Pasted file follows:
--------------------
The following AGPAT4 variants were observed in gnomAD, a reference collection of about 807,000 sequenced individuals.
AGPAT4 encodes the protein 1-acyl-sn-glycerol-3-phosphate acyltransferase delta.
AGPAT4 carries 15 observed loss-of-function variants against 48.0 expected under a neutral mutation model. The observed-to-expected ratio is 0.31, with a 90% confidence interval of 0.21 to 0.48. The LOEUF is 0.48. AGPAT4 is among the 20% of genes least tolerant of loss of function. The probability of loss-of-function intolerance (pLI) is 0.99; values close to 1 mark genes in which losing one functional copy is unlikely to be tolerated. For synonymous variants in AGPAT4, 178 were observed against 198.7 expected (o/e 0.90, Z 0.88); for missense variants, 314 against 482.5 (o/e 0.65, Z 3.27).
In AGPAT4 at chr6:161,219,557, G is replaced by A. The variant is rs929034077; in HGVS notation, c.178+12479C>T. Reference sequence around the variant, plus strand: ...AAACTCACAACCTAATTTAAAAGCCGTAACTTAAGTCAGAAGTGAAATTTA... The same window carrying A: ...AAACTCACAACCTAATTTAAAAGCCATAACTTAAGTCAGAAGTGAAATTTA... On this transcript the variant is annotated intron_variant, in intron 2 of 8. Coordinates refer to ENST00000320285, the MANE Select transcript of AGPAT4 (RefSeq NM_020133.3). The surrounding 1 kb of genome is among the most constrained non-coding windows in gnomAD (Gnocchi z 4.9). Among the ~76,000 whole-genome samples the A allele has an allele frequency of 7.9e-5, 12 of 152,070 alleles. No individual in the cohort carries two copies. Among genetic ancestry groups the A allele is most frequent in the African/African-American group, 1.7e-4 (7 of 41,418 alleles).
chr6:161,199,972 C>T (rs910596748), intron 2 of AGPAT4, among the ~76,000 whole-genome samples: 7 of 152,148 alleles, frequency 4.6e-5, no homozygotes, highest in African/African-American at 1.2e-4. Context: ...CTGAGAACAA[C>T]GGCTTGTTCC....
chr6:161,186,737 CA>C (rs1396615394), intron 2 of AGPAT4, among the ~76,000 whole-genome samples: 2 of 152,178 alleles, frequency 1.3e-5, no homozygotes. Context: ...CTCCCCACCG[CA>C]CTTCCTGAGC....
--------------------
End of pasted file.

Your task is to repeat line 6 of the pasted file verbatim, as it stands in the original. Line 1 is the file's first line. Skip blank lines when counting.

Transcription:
chr6:161,186,737 CA>C (rs1396615394), intron 2 of AGPAT4, among the ~76,000 whole-genome samples: 2 of 152,178 alleles, frequency 1.3e-5, no homozygotes. Context: ...CTCCCCACCG[CA>C]CTTCCTGAGC....